Initially, I note that the main opinion concludes that the list of specific books referred to in the judgment are the only books for which the wife must pay the husband a portion of the royalties. However, the judgment provides that the wife must pay the husband a portion of the royalties from the sale of “her published books, books currently under contract, the Magnolia Summer book series, and all other books that have been written or conceived during the time of the marriage.” The judgment defines the specific list of books as “the books published and/or under contract”; however, it does not state that that list includes the books “conceived during the time of the marriage.” Therefore, I disagree with the main opinion that the list of specific books are the only books for which the wife must pay a portion of the royalties.
As the wife points out, this court has held that “marital property generally includes property purchased or otherwise accumulated by the parties during the marriage.” Nichols v. Nichols, 824 So. 2d 797, 802 (Ala. Civ. App. 2001) (emphasis added). Accordingly, I conclude that the award of royalties from the sale of intellectual property that was not in existence during the marriage was error by the trial court. Because I would reverse the trial court's judgment to the extent that it awards the husband a percentage of the royalties for books “conceived” during the marriage but not yet written, I respectfully dissent from the affirmance of that part of the judgment.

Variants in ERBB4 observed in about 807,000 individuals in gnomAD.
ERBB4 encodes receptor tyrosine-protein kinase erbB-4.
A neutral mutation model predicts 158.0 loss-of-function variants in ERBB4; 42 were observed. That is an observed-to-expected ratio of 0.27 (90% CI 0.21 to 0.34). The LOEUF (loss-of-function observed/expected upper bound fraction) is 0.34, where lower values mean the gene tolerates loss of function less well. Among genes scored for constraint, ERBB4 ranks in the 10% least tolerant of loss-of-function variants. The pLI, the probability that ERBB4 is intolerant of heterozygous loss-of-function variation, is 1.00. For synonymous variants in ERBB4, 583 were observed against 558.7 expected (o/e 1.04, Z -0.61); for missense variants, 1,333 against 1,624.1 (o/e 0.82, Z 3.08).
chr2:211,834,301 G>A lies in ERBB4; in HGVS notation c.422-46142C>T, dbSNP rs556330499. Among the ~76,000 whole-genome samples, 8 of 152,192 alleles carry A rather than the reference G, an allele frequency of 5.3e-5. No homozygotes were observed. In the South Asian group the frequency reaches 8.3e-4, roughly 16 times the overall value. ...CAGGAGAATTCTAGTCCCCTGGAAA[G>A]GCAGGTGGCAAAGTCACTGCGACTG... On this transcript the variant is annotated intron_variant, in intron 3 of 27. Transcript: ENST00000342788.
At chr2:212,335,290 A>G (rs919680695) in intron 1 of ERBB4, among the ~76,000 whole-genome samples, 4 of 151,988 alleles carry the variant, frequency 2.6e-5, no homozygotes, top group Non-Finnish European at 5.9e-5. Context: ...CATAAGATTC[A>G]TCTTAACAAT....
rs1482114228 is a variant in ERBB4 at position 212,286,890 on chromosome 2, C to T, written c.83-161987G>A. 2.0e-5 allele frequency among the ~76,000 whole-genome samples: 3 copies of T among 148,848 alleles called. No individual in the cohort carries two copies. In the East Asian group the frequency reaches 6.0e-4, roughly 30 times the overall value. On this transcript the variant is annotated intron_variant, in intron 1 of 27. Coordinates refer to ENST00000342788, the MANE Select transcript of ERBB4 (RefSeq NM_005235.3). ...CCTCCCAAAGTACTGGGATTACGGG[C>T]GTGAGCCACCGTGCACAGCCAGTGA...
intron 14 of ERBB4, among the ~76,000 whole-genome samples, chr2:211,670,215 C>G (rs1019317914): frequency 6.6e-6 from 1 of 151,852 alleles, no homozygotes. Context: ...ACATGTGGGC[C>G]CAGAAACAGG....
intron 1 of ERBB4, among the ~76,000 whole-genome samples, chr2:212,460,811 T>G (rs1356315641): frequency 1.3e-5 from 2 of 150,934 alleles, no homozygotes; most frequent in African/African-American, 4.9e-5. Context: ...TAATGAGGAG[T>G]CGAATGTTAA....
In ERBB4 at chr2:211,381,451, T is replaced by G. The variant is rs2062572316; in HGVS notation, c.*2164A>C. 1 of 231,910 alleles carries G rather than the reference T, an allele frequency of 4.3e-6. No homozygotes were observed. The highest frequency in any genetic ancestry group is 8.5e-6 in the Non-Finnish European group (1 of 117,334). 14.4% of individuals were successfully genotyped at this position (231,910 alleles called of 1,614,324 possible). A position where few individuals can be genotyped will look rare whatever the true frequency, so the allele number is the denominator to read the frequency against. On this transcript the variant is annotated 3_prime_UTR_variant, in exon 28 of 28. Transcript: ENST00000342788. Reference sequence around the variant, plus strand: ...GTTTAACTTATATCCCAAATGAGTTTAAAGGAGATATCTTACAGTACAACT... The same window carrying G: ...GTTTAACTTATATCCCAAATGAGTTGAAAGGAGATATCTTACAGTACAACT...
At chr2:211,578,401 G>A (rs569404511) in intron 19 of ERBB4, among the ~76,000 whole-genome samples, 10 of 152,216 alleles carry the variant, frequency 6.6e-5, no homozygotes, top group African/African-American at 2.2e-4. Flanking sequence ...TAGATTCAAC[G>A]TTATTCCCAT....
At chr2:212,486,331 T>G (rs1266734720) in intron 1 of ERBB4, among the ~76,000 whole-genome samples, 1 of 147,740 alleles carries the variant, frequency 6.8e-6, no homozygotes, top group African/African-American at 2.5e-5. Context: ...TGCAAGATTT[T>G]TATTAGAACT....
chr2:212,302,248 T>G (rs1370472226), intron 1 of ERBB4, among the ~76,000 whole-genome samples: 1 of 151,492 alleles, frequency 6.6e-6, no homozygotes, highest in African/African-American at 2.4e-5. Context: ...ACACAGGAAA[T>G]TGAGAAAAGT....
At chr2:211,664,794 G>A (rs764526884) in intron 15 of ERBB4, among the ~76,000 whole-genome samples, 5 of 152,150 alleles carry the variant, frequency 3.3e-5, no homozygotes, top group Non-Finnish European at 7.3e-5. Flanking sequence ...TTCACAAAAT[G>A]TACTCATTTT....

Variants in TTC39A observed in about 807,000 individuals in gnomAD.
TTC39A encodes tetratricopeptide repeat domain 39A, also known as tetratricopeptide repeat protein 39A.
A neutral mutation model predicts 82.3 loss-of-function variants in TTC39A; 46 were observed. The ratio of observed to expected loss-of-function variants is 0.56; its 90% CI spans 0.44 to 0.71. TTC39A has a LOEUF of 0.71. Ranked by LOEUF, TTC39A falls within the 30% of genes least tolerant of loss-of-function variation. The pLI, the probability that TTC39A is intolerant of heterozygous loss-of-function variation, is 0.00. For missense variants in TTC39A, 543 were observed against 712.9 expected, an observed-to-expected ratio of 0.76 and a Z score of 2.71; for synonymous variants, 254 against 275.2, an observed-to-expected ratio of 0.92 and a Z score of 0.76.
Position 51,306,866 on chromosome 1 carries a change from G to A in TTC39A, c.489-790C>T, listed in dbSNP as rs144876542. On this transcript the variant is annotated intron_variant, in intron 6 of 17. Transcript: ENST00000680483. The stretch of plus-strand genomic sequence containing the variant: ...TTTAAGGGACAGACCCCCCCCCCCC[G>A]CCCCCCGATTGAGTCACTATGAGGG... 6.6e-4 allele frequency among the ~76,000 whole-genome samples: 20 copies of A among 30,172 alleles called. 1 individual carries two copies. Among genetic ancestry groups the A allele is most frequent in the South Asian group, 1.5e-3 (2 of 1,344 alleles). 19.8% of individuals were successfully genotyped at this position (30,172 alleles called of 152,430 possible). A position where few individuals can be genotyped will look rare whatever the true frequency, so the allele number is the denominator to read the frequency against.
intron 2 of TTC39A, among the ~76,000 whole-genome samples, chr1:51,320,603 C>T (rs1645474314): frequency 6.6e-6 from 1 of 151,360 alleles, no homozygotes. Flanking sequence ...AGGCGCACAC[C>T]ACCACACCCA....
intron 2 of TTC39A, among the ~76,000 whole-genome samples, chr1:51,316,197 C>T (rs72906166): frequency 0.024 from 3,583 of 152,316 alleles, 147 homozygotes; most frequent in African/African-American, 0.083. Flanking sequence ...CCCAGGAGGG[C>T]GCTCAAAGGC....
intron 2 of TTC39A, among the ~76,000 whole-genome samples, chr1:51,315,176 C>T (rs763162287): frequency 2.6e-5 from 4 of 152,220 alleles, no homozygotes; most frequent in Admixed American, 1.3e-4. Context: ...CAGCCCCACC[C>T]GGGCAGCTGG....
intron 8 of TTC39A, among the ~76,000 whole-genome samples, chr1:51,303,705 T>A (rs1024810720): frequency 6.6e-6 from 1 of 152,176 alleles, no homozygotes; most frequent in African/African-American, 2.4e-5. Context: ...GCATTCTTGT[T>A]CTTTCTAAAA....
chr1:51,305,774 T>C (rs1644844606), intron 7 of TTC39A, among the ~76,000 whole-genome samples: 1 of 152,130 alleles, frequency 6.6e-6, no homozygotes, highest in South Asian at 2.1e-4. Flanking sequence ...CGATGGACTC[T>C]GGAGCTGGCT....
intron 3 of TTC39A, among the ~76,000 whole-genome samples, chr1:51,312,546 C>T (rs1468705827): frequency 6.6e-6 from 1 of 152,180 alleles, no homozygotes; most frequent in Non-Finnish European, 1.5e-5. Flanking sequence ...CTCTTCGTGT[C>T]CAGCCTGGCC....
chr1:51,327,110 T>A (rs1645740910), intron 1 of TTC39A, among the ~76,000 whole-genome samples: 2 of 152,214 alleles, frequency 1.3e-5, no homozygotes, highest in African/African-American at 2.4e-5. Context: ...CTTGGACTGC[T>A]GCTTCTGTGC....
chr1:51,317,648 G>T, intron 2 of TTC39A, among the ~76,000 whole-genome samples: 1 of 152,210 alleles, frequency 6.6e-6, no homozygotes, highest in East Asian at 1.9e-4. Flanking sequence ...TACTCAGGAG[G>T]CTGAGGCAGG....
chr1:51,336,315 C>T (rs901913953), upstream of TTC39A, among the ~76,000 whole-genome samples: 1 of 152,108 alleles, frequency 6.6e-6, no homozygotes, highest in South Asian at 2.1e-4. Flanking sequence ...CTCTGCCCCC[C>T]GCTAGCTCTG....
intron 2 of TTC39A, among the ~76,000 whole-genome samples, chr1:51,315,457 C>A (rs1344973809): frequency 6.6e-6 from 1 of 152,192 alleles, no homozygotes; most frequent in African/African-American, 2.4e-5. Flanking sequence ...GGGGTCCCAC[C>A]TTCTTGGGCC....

1. The judgment contains a typographical error in referring to this work, identifying it as being titled “The Beautify Pretender.”
Donaldson and Edwards, JJ., concur. Moore, J., concurs in part and dissents in part, with writing, which Thompson, P.J., joins.
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Docket No: 2180306
Decided: February 07, 2020
Court: Court of Civil Appeals of Alabama.